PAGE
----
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Seizing Opportunities Beyond Borders

Though most investors recognize and acknowledge the well-known benefits of diversification, there are plenty of reasons (or maybe excuses) when the rubber meets the road for not following through via asset allocation decisions. One topic that investors continue to debate is the need for non-US exposure in a well-diversified equity allocation. Especially given that returns for US investors in domestic stocks have been consistently higher than returns for non-US stocks for over a decade. Today’s question is whether global diversification even has a place in equity portfolios.

While recent performance would suggest an allocation to non-US stocks is not required to achieve solid returns, history indicates the outperformance of US stocks over international stocks tends to be cyclical (Exhibit 1). Extended outperformance of either US or non-US stocks can mask the need to maintain diversification. Regardless of what returns look like in 2024 and beyond, we believe international stocks play an essential role in an investor’s portfolio for reasons beyond relative performance.

Exhibit 1 — US vs International Equity Returns (%)

Exhibit 1

Source: FactSet. US represented by S&P 500 Index. Non-US represented by MSCI World ex-USA Index.

Mitigating Home Country Bias: A Pragmatic Approach

Home country bias causes an investor’s portfolio to be dependent on a subset of companies in a specific geography. However, the impermanence of one country’s dominance is evident throughout history.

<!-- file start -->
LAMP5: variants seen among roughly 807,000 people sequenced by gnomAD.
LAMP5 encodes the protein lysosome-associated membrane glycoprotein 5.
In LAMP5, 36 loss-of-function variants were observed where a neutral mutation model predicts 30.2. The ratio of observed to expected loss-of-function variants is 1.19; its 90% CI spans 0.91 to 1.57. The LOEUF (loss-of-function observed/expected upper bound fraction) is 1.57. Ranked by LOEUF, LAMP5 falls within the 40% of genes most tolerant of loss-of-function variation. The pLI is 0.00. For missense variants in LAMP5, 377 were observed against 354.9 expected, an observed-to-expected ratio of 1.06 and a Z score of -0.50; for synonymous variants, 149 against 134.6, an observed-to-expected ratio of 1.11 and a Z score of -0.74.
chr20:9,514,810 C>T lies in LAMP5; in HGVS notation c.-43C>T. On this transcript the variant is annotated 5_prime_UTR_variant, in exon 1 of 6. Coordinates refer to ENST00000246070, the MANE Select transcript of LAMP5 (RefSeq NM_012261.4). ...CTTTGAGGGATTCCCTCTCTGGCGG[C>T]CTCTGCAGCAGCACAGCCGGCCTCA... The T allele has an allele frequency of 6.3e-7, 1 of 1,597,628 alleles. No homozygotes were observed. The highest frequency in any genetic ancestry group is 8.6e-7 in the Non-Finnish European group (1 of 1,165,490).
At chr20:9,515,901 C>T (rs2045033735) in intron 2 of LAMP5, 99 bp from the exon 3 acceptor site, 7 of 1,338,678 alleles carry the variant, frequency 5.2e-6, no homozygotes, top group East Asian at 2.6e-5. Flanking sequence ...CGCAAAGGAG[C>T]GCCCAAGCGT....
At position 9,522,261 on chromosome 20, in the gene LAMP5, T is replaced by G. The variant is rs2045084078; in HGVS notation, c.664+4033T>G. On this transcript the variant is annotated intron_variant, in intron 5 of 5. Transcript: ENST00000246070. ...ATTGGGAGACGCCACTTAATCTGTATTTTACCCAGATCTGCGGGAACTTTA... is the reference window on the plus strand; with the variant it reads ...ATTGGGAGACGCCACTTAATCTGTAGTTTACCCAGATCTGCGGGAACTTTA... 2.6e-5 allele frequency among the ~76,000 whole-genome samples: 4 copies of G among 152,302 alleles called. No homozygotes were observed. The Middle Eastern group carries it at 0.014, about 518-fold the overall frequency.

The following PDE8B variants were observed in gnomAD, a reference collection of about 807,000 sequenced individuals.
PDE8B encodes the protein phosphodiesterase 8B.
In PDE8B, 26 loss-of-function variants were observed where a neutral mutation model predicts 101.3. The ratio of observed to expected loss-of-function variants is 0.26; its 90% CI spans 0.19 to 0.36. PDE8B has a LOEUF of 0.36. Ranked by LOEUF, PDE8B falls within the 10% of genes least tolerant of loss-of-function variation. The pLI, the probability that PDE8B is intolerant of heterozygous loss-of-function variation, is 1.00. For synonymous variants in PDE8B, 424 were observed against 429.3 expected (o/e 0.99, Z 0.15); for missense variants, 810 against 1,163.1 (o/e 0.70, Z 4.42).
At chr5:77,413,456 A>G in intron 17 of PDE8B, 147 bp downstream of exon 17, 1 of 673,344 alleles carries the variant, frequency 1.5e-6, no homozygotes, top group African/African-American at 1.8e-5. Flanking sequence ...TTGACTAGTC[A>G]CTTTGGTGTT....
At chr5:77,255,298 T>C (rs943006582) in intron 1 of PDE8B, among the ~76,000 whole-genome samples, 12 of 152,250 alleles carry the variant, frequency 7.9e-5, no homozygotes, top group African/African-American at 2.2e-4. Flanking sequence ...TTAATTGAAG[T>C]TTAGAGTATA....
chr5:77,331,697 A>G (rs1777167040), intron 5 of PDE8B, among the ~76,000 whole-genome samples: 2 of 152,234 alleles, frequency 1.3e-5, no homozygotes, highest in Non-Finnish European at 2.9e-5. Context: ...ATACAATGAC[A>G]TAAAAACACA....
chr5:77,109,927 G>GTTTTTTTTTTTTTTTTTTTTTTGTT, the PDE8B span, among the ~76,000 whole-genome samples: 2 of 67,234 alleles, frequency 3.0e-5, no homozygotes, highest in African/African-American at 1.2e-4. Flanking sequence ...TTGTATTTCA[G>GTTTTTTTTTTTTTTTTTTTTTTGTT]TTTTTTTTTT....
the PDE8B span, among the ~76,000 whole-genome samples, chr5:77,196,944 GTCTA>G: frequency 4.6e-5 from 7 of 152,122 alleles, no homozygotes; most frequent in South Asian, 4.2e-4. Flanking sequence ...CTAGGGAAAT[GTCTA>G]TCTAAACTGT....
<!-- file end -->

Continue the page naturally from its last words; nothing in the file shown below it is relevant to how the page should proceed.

Fluctuations in global economies are inherent, as demonstrated by the changes in equity market capitalization of major world economies such as the UK, Japan and the US (Exhibit 2). For example, the UK once represented 24% of the world’s equity market capitalization but now only represents 4%. Similarly, Japan experienced massive success in the post-World War 2 era until 1989 and then faded as a global market leader.

The US comprised 15% of the world’s market cap at the beginning of the 20th century and continued to rise into the late 1960s when its market cap reached roughly 70% of the world’s total (Exhibit 2). However, that percentage slowly declined over the next several decades. By the early 1990s, the US’s share was roughly 30%. Given the strength of the US stocks over the past 30 years — notwithstanding significant market events such as the dot com bubble burst, global financial crisis, and COVID-19 — the US represents 60% of the world’s market cap today.